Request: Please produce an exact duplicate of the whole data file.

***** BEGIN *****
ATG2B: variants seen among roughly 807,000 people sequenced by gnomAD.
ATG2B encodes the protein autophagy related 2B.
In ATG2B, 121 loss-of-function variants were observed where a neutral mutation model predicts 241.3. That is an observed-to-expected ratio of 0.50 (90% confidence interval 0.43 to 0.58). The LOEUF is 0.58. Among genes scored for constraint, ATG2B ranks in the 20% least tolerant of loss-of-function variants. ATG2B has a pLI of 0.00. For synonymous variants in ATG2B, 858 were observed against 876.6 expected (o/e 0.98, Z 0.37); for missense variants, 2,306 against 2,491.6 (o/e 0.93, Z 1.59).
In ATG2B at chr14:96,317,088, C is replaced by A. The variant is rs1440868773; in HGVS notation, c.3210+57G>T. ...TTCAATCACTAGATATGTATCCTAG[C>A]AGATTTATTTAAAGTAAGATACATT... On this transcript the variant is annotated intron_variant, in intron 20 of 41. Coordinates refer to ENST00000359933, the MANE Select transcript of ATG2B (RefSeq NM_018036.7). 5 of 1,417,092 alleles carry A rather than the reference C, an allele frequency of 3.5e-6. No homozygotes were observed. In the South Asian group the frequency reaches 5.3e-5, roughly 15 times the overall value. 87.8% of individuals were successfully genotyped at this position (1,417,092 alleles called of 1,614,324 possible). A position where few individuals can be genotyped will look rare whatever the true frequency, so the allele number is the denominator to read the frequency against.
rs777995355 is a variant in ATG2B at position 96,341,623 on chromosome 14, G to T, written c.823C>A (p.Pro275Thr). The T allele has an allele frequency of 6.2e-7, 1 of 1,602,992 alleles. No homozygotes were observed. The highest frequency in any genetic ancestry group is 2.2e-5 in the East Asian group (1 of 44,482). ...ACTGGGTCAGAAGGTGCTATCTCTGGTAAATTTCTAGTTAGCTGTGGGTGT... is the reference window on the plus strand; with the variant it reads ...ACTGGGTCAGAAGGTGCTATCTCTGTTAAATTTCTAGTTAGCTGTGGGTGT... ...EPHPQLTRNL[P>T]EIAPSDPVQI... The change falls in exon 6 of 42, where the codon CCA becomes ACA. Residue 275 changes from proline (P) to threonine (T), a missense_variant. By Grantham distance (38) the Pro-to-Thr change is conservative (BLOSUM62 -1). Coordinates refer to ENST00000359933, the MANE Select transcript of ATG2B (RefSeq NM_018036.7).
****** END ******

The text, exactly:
ATG2B: variants seen among roughly 807,000 people sequenced by gnomAD.
ATG2B encodes the protein autophagy related 2B.
In ATG2B, 121 loss-of-function variants were observed where a neutral mutation model predicts 241.3. That is an observed-to-expected ratio of 0.50 (90% confidence interval 0.43 to 0.58). The LOEUF is 0.58. Among genes scored for constraint, ATG2B ranks in the 20% least tolerant of loss-of-function variants. ATG2B has a pLI of 0.00. For synonymous variants in ATG2B, 858 were observed against 876.6 expected (o/e 0.98, Z 0.37); for missense variants, 2,306 against 2,491.6 (o/e 0.93, Z 1.59).
In ATG2B at chr14:96,317,088, C is replaced by A. The variant is rs1440868773; in HGVS notation, c.3210+57G>T. ...TTCAATCACTAGATATGTATCCTAG[C>A]AGATTTATTTAAAGTAAGATACATT... On this transcript the variant is annotated intron_variant, in intron 20 of 41. Coordinates refer to ENST00000359933, the MANE Select transcript of ATG2B (RefSeq NM_018036.7). 5 of 1,417,092 alleles carry A rather than the reference C, an allele frequency of 3.5e-6. No homozygotes were observed. In the South Asian group the frequency reaches 5.3e-5, roughly 15 times the overall value. 87.8% of individuals were successfully genotyped at this position (1,417,092 alleles called of 1,614,324 possible). A position where few individuals can be genotyped will look rare whatever the true frequency, so the allele number is the denominator to read the frequency against.
rs777995355 is a variant in ATG2B at position 96,341,623 on chromosome 14, G to T, written c.823C>A (p.Pro275Thr). The T allele has an allele frequency of 6.2e-7, 1 of 1,602,992 alleles. No homozygotes were observed. The highest frequency in any genetic ancestry group is 2.2e-5 in the East Asian group (1 of 44,482). ...ACTGGGTCAGAAGGTGCTATCTCTGGTAAATTTCTAGTTAGCTGTGGGTGT... is the reference window on the plus strand; with the variant it reads ...ACTGGGTCAGAAGGTGCTATCTCTGTTAAATTTCTAGTTAGCTGTGGGTGT... ...EPHPQLTRNL[P>T]EIAPSDPVQI... The change falls in exon 6 of 42, where the codon CCA becomes ACA. Residue 275 changes from proline (P) to threonine (T), a missense_variant. By Grantham distance (38) the Pro-to-Thr change is conservative (BLOSUM62 -1). Coordinates refer to ENST00000359933, the MANE Select transcript of ATG2B (RefSeq NM_018036.7).